Barack Obama is set to become the first-ever U.S. president to chair the United Nations' 15-member Security Council when it meets later this month.
The council, which next meets Sept. 24, deals with a host of global challenges, including nuclear non-proliferation and nuclear disarmament. The Obama administration hopes to use the month-long appointment to emphasise a departure from the Bush administration's strategy of pursuing its own unilateral policies through the council.
Obama will join other heads of government in New York during the week of the nuclear summit for the opening of the 64th session of the UN General Assembly. Climate change and the Middle East peace process will be on the agenda for the wider body. Libyan leader Muammar Gaddafi, under fire for wining the freedom of a terrorist convicted of killing 270 in the Lockerbie bombing, is due to be on hand and could turn the session into a spectacle.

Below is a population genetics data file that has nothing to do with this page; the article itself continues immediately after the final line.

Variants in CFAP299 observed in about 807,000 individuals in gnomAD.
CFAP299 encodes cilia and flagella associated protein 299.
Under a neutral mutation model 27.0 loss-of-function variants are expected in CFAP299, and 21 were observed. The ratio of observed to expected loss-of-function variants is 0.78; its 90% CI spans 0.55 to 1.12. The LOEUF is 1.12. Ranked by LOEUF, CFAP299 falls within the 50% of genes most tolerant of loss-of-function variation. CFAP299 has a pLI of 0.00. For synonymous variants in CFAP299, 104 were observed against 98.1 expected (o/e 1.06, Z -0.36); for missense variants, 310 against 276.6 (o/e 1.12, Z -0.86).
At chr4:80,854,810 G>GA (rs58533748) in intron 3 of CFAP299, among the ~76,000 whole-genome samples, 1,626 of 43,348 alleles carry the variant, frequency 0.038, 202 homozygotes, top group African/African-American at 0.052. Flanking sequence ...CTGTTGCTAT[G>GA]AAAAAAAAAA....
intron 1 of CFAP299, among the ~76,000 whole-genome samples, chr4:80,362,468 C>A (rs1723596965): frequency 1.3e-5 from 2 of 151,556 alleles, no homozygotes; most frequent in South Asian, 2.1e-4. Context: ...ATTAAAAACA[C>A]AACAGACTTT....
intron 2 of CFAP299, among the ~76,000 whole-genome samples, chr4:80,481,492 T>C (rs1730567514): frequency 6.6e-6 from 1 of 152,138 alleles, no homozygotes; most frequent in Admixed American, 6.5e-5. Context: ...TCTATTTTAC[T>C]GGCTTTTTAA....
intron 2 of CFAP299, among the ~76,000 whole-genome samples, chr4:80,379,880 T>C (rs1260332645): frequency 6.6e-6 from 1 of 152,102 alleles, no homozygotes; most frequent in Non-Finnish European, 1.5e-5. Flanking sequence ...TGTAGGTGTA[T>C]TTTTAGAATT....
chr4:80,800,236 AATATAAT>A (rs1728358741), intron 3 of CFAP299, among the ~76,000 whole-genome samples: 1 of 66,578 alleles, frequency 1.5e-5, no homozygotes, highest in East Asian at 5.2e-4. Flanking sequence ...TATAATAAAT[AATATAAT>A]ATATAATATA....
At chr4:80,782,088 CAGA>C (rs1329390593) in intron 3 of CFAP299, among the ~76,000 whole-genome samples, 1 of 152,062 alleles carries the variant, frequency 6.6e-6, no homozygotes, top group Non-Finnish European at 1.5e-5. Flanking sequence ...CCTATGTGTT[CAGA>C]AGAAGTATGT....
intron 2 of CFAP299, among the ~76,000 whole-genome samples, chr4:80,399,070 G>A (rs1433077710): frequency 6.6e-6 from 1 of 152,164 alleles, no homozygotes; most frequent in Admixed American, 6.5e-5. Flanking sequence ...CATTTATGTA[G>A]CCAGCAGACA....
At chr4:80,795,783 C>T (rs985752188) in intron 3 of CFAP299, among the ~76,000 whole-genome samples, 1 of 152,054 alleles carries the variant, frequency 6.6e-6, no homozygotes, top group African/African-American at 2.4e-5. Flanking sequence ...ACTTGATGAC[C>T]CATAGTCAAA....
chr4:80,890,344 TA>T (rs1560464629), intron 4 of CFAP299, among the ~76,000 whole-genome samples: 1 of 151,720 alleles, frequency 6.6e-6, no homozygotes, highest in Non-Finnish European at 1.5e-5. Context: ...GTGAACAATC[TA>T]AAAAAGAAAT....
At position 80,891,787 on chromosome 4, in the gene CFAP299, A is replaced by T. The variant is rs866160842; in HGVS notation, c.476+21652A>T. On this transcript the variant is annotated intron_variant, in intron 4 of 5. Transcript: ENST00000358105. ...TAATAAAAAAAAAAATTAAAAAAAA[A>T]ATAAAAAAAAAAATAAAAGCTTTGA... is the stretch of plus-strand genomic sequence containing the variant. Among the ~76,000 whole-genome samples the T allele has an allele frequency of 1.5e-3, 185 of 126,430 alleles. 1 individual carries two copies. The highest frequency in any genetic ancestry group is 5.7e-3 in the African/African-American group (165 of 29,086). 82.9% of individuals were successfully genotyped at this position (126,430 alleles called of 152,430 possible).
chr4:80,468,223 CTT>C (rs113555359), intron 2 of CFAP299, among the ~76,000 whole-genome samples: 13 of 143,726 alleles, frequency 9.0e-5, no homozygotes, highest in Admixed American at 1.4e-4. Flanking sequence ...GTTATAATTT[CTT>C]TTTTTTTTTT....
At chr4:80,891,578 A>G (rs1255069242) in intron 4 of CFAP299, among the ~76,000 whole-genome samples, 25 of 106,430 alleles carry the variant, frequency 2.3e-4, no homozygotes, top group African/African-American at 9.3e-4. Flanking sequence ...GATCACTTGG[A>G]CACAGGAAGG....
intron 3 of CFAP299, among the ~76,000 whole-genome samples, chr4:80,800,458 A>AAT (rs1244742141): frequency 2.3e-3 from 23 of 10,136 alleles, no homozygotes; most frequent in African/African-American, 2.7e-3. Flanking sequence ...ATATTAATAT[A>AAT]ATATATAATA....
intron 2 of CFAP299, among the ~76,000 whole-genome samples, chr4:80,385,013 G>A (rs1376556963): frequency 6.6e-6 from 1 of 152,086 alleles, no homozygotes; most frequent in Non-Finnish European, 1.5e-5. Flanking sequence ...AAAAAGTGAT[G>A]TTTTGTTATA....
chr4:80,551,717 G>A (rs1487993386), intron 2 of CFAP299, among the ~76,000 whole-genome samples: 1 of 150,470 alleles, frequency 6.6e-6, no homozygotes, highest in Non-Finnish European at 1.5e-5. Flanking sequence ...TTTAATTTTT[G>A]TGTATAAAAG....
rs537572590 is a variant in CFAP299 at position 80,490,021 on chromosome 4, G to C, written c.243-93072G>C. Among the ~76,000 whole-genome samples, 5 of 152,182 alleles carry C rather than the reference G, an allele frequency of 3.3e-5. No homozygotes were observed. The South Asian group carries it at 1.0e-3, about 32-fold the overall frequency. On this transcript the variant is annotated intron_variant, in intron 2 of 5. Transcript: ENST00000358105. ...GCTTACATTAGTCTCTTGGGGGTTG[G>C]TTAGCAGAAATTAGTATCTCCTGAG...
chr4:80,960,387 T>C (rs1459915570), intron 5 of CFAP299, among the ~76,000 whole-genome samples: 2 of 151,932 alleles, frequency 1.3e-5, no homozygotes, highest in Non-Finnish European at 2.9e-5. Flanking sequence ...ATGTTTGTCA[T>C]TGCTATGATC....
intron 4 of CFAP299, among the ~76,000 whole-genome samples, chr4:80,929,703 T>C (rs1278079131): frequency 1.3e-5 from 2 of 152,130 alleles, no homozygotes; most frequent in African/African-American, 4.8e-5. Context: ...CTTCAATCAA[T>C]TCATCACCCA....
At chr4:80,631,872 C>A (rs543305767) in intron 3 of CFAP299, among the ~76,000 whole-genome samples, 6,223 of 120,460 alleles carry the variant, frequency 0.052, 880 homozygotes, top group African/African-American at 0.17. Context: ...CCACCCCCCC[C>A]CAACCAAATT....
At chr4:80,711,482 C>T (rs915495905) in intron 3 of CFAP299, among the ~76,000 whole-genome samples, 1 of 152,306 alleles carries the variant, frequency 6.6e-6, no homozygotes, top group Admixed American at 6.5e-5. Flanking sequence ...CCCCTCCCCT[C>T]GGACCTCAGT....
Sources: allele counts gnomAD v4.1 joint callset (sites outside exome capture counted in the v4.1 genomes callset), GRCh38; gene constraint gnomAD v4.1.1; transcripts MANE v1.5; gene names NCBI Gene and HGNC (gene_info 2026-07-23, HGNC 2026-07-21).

The State Department has not ruled out the possibility that Obama and Gaddafi would cross paths. They are both due to address the General Assembly on the same day, and the Libyan leader, whose country is a temporary member of the Security Council, is entitled to attend the nuclear summit session that Mr Obama will chair.
Get more: Financial Times